The ballet world entered a new Cold War in 2022

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A fine balance: dancers from the English National Ballet perform The Rite of Spring – Alastair Muir

This was the year ballet returned to the Cold War. The privation of balletomanes is, of course, a microscopic drop in the ocean compared with the ­misery that Putin’s murderous ­expansionism is causing the Ukrainians. But, like any kind of wall between countries and ­cultures, it is still a great shame.

Ballet first germinated in Italy and then blossomed in France, but it was Russia that elevated it to the level of high-baroque musical, with the visual and choreographic magnificence that we recognise today. It has spawned the most famous ballets – The Sleeping Beauty, The Nutcracker, Swan Lake, Romeo and Juliet, Cinderella, The Firebird, The Rite of Spring – as well as a disproportionate number of the most ­celebrated dancers. In short, it has a balletic tradition like nowhere else and, for the 15-plus years I’ve been doing this job (and for many decades before that), the Bolshoi and the Mariinsky’s triennial visits to London have been immensely cherishable chances to see what the great Russians were up to.

It’s not just the Big Two. For years now, smaller troupes, such as the Moscow City Ballet, the St Petersburg Ballet Theatre and the Russian State Ballet of Siberia, have been touring Britain’s regions, enriching theatre schedules in towns and theatres far too small for larger itinerant companies (such as our own English National Ballet and Birmingham Royal Ballet).

Now, no more. The Kremlin would doubtless still love Russia’s dance troupes to come over and impress us (the Bolshoi, especially, has long been the Kremlin’s “soft-power” spearhead), but now it is we who don’t want them. The Bolshoi didn’t pull out of last summer’s keenly awaited Covent Garden residency. In February, Lilian Hochhauser – the tireless promoter who, with her late husband Victor, has been instrumental in bringing Russia’s finest companies to Britain since 1960 – sat down with the Royal Opera House’s management and rightly decided that such a visit was untenable in the wake of the invasion of Ukraine. They couldn’t possibly now be seen to be welcoming the Russians – plus, the paying public would almost ­certainly have felt the same way.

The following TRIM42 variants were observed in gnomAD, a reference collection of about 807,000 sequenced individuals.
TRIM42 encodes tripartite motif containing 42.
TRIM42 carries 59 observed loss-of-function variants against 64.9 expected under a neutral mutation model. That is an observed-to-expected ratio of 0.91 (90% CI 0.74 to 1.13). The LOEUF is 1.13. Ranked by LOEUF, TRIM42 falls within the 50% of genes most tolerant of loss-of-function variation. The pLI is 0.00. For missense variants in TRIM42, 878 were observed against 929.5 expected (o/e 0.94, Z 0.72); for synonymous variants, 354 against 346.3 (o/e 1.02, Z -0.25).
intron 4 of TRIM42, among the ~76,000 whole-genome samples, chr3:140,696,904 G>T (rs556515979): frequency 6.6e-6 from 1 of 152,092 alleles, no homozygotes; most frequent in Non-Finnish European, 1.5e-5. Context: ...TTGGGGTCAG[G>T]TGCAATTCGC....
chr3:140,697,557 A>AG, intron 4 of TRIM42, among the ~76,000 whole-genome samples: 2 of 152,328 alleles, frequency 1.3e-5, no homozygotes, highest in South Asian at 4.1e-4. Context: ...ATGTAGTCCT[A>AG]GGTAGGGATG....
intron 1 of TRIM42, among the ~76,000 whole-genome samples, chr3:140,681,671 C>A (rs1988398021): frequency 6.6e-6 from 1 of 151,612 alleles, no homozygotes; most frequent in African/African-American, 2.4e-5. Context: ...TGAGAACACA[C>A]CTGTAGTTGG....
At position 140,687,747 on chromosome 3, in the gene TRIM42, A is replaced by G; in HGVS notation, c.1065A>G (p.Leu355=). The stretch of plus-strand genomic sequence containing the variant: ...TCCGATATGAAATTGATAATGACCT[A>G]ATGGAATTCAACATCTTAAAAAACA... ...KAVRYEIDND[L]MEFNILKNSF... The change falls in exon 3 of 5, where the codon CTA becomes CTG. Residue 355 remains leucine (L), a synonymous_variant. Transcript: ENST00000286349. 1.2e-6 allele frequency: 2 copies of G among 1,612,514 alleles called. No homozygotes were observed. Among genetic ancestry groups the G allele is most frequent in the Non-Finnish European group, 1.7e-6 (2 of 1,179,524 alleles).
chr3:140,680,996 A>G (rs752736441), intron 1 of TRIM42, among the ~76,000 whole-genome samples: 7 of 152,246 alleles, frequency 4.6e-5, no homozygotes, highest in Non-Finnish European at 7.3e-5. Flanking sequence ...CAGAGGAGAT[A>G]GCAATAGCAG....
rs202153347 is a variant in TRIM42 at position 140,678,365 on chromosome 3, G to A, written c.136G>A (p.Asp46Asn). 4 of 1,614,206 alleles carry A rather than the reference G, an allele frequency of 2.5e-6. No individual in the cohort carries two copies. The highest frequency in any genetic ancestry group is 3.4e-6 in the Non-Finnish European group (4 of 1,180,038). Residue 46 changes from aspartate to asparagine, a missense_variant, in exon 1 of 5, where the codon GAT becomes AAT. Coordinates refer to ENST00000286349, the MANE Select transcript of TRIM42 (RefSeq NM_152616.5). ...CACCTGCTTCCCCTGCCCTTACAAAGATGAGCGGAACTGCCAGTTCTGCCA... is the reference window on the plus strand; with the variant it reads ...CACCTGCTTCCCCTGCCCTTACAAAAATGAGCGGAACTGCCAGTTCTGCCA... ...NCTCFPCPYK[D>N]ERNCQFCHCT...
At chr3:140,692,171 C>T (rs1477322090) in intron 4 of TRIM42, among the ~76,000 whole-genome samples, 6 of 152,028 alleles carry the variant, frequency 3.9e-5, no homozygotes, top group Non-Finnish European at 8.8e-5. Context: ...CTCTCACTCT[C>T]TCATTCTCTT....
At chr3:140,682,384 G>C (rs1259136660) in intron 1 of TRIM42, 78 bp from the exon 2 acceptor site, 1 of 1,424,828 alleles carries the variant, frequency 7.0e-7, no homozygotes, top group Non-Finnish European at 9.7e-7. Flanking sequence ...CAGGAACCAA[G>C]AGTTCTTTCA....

The St Petersburg-based Mariinsky now feels identically tainted, with Valery Gergiev, its director since 1988, having understandably been “cancelled” by the West for refusing to denounce Putin. ­Compare and contrast, with sadness, the 20 million Brits who apparently tuned in to watch a televised broadcast of the Bolshoi’s first visit to these shores in 1956.
Then there are the recent Russian defections, which inevitably recall the dramatic East-to-West flights of everyone from Rudolf Nureyev and Natalia Makarova to Mikhail Baryshnikov and Alexander Godunov.

History repeating: dancer Rudolf Nureyev, who fled Soviet-era Russia - Frank Barratt/Keystone/Getty Images

History repeating: dancer Rudolf Nureyev, who fled Soviet-era Russia – Frank Barratt/Keystone/Getty Images

In March, news broke that Olga Smirnova, one of the Bolshoi’s brightest stars, had decided to join the Dutch National Ballet. (“I have to be honest and say that I am against war with all the fibres of my soul,” explained the 31-year-old.) Up-and-coming Mariinsky dancer Victor Caixeta (22, from Brazil) simultaneously declared that he, too, was heading to the Dutch troupe. And this came just three days after Xander Parish – the Yorkshire-born Royal Ballet alumnus who joined the Mariinsky 12 years ago and became a star there – announced that he, too, felt he had to leave Russia. Two other Bolshoi dancers – Jacopo Tissi and David Motta Soares – also quit, in solidarity with Ukraine.

Western companies are, of course, enriched by these new arrivals at the Russians’ expense – something hard to mourn in itself. But the concept of dancers fleeing Russia feels like a return to the bad old days, and the memory of the Royal Ballet’s Darcey Bussell duetting with the Mariinsky’s Igor Zelensky in both London and St Petersburg seems a distant one. Meanwhile, the Mariinsky’s Covent Garden sojourn in 2024 is currently looking inconceivable.

If there is a silver lining, it is that as one huge international door slams shut, lots of little ones seem, hearteningly, to be opening wider. I’ve been struck again and again this year by small, young, visiting companies such as the Dutch NDT 2, the Cuban Acosta Danza and the Senegalese Ecole des Sables (which delivered a juggernaut-like Rite of Spring at Sadler’s Wells). Youthful British companies, such as ZooNation and Ballet Black, have also impressed. The effective home arrest of Russia’s (often touring) Big Two has now left a fascinating power vacuum on the international stage, not least in Covent Garden’s summer schedules. Who will fill it?

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